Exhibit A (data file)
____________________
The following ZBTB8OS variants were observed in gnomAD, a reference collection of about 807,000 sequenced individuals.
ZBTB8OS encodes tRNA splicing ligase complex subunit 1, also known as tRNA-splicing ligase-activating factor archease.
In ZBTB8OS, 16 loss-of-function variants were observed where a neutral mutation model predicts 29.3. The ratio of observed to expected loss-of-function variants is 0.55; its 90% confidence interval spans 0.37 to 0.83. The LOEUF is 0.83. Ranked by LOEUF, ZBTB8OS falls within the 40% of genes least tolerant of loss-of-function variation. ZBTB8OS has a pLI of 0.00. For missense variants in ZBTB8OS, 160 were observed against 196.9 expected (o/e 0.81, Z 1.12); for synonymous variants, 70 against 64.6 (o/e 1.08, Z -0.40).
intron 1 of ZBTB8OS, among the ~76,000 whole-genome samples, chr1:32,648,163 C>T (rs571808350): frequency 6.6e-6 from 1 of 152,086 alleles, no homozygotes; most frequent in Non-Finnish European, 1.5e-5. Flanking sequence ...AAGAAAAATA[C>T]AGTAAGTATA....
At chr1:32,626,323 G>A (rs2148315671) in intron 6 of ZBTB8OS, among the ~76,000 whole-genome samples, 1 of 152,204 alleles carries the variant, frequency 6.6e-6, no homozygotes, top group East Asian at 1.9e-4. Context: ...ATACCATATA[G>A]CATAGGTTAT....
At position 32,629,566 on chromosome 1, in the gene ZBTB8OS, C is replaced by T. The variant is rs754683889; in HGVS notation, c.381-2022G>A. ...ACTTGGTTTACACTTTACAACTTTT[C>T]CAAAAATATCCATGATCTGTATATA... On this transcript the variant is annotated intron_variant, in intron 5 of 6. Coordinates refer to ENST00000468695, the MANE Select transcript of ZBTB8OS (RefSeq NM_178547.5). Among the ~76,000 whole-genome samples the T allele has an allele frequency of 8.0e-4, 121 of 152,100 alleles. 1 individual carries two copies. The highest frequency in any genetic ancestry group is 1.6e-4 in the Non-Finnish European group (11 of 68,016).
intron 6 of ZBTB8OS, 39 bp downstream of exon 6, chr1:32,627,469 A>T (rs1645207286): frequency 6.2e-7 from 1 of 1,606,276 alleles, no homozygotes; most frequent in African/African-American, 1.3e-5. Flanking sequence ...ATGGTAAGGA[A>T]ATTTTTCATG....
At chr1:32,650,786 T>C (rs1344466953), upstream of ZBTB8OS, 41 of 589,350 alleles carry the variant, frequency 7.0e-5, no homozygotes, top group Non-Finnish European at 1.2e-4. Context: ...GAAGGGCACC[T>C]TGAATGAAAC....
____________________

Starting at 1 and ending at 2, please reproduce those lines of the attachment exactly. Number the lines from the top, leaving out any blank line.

The following ZBTB8OS variants were observed in gnomAD, a reference collection of about 807,000 sequenced individuals.
ZBTB8OS encodes tRNA splicing ligase complex subunit 1, also known as tRNA-splicing ligase-activating factor archease.